By Zak Stone
Even before Hurricane Sandy caused unprecedented devastation throughout New York and New Jersey last week, anyone reading the news, absorbing social media, or looking at any sort of screen, more or less was barraged with constant updates about the storm.
But getting informed about a disaster is one thing. What does it take to move people to process that information in a productive, engaged way and take action? One possibly useful tool is a news widget called ShoutAbout: an experiment in bridging the gap between news and action, by providing media sites an easy way to integrate action-oriented items by placing them at the end of a news story. So readers not only can leave a comment, they can potentially find out a way to participate in current events, whether it's a hurricane or international affairs.
According to ShoutAbout, "The best news educates about issues of public importance. The best organizations offer tangible and meaningful opportunities to impact these issues. But when people learn about important current events, there's usually a disconnect--they don't know what they can do to make a difference." This disconnect was experienced firsthand by Mat Morgan, ShoutAbout's creator, who, during his time as a communications officer at the American Red Cross, realized how hard it was to both inform and mobilize, even when the media picked up on a story.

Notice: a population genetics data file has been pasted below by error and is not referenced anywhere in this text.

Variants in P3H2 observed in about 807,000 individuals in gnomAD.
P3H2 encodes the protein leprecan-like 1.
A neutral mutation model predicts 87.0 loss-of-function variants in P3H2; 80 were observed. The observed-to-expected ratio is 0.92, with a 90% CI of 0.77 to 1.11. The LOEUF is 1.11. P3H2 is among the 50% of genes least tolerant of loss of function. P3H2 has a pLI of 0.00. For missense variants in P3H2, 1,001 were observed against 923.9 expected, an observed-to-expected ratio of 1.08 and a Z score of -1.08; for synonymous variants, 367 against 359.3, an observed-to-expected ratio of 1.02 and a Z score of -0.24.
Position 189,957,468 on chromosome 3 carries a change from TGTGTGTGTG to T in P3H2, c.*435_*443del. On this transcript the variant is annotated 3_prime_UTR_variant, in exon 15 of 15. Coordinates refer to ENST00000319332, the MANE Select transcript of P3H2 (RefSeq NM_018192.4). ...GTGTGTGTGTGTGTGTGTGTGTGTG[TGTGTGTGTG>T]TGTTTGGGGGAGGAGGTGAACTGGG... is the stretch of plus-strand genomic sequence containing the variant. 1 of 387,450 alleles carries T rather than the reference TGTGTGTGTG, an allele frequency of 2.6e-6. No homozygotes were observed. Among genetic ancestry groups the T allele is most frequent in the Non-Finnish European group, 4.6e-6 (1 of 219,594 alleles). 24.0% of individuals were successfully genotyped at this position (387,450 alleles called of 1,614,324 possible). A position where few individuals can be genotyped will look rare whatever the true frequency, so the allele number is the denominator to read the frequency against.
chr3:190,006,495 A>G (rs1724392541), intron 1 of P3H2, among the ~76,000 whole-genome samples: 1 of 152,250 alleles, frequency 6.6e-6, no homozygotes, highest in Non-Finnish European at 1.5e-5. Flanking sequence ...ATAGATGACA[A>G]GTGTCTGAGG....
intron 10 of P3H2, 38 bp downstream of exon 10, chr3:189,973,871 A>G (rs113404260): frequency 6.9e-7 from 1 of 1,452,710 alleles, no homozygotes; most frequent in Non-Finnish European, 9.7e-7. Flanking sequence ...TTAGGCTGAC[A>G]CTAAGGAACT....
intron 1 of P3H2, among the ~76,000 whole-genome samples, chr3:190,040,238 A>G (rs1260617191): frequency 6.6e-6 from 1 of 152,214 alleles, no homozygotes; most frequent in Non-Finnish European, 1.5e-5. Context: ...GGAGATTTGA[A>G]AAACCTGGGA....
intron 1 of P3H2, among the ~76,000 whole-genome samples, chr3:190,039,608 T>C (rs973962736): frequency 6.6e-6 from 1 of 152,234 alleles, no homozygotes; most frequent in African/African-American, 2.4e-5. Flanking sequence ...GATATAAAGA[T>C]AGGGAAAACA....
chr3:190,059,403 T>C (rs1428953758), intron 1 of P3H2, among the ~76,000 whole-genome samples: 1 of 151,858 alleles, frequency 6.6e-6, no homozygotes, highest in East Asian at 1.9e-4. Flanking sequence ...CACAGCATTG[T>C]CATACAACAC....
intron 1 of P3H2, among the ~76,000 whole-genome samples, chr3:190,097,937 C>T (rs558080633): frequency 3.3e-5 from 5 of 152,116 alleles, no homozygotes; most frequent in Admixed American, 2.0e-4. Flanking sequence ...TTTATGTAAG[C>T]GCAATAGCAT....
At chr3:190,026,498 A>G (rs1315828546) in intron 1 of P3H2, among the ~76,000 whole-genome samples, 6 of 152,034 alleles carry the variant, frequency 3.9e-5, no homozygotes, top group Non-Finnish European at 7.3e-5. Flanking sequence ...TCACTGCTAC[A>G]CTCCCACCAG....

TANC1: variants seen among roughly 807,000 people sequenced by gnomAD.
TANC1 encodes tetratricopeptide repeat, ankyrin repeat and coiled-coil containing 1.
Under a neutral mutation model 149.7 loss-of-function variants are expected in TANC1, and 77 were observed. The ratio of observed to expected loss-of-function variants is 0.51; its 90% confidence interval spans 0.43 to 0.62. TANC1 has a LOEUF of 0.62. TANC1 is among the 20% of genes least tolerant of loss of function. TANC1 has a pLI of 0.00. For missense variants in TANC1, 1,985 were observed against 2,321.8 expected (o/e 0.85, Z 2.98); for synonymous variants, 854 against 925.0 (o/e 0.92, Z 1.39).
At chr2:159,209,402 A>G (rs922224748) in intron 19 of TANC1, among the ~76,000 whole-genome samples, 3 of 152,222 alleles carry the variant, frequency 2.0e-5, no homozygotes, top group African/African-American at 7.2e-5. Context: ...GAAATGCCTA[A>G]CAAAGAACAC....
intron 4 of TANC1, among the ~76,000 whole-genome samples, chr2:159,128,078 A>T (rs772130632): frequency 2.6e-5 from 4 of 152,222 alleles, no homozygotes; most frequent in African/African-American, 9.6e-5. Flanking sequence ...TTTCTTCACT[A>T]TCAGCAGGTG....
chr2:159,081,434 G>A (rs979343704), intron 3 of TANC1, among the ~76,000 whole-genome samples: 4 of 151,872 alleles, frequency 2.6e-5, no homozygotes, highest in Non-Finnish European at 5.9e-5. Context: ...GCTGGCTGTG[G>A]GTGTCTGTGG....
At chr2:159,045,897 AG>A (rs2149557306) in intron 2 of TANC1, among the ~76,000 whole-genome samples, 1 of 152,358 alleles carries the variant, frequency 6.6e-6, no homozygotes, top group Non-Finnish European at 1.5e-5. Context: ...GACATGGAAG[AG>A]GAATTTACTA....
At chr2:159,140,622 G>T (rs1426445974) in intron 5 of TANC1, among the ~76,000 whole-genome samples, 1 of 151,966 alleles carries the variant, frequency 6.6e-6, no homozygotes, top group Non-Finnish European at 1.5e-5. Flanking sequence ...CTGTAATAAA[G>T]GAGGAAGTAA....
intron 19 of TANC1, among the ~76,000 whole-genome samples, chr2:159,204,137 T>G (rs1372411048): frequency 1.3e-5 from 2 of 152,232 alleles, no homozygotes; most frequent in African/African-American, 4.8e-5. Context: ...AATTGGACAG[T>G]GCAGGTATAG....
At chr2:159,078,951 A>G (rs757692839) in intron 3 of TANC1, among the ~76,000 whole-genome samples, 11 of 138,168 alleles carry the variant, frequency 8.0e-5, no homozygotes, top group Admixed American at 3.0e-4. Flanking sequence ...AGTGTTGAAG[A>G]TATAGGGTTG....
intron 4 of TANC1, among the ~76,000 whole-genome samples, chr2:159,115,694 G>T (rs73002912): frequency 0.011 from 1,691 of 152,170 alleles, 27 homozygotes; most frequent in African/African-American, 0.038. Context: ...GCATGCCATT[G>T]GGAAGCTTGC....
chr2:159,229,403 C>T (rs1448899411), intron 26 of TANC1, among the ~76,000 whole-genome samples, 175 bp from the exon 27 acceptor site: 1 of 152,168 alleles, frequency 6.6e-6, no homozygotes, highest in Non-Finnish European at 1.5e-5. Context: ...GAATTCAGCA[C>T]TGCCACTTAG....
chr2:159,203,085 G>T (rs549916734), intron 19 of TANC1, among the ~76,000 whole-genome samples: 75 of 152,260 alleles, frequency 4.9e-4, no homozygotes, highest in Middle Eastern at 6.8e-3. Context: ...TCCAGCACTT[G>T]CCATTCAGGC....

ShoutAbout is currently in a pilot run with a handful of sites, including PBS, who placed the widget at the end of an article about Americans' evolving opinions on gun control. Click the button "Act" and a link to a petition asking President Obama and Governor Romney to address guns in the debate shows up. Click "Learn" and a list of further reading about guns in America shows up.
The widget lets users themselves suggest their own actions and vote up the most compelling ones--which means publishers don't have to compromise their editorial independence by picking and choosing the advocacy groups to get behind. It also means that swamped editors don't have to add extra work to their plates, for which we're sure they're thankful.
Copyright 2012 by Fast Company. Reprinted with permission.